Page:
Vegas synth rockers, The Killers, seemed to come out of nowhere in 2004, with their wildly successful debut Hot Fuzz. While that record housed some of their biggest hits, it was the albums that followed that really showed the Vegas-based group’s depth.
UMe and Island have just released two of the group’s best albums on 180-gram vinyl (2006’s Sam’s Town and 2008’s Day & Age), as well as two compilations (Direct Hits, their best of collection and Sawdust, their remarkably uneven B-Side, covers and rarities set). This is the first time Direct Hits and Sam’s Town have ever been available on 180-gram vinyl.
If Hot Fuzz was the band excising their Duran Duran and Muse influences, Sam’s Town was the band discovering everyone from Springsteen to Petty and spiking that synth sound with classic rock. Lyrically and musically, this album is less sterile and more mature then it’s predecessor. While Brandon Flowers still sings some odd lyrics (more on that in a minute), he’s also putting out some of his most thoughtful on this record. You can practically here Springsteen in a line like “They say the devil’s water, it ain’t so sweet/You don’t have to drink it right now/But you can dip your feet/every once and a while” (“When We Were Young”). Elsewhere on the record, “Read My Mind” is a fantastic pop song, from start to finish and so is the more bombastic “This River is Wild”. There are some weaker tracks here and there (like the formulaic “Bones”), but overall a great sophomore record that managed to eclipse their debut.
Sawdust, put out between their second and third studio albums comes of too much like a placeholder for a better record, biding time and the fan’s attention until they can get a proper release out. With 17 tracks, it’s not lacking for material, simply better songs. There are some obvious covers here like Dire Strait’s fantastic “Romeo and Juliet,” covered time and time again by everyone from the Indigo Girls to Edwin McCain, as well as The Killers’ take on “Ruby, Don’t Take Your Love to Town” (best associated with Kenny Rogers) and Joy Division’s “Shadowplay,” but none of the covers manage to impress. There’s also an alternate version of “Mr. Brightside,” but anyone aside from diehard fans and completists would consider this a needed album.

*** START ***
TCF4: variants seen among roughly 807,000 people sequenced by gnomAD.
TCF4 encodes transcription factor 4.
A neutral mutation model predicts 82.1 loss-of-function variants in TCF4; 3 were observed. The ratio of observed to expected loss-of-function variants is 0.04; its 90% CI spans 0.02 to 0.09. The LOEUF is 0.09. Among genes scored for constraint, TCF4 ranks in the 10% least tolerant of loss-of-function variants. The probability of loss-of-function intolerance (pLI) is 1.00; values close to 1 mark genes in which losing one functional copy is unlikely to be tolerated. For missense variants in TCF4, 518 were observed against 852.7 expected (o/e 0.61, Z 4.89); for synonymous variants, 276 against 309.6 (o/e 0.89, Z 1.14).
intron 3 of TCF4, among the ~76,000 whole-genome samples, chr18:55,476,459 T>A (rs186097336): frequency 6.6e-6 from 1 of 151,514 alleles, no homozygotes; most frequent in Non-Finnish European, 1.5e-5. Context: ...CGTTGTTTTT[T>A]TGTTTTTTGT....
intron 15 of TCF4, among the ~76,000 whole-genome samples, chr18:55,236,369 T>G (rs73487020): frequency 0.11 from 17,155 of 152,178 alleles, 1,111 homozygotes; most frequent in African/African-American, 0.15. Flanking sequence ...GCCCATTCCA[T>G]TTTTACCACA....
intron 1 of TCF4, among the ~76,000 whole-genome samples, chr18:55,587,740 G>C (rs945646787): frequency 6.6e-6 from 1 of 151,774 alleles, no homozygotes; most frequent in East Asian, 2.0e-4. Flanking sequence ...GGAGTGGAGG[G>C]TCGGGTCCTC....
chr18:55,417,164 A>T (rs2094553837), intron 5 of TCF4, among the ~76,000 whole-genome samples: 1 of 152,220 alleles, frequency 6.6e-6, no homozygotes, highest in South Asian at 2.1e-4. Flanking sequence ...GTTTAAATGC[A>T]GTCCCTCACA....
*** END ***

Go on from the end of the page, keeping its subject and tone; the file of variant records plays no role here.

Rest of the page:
Conversely, the following year, the band put out Day & Age, probably their most underrated record to date. Flowers is back with more head scratching lyrics on this one like the grammatically puzzling line “Are we human or are we dancer” (from “Human”), but damn the song is infectious. And if Michael Stipe can get away without having to answer for decades of odd lyrics, I guess Flowers has earned a pass as well. “A Dustland Fairytale,” in the middle of the record, just may be the best song the band has ever recorded, followed not too far behind by “Neon Tiger,” also off Day & Age.
Direct Hits, the band’s best of collection, first put out in 2013, is exactly as billed. It’s only surprising that it took this long for the label to put this one out on vinyl.
In the rush by record labels to get as much of their catalogs on high quality vinyl, regardless of the merits of the music, three of these four recent efforts from The Killers certainly deserved the re-release treatment.
Sam’s Town / Day & Age / Direct Hits: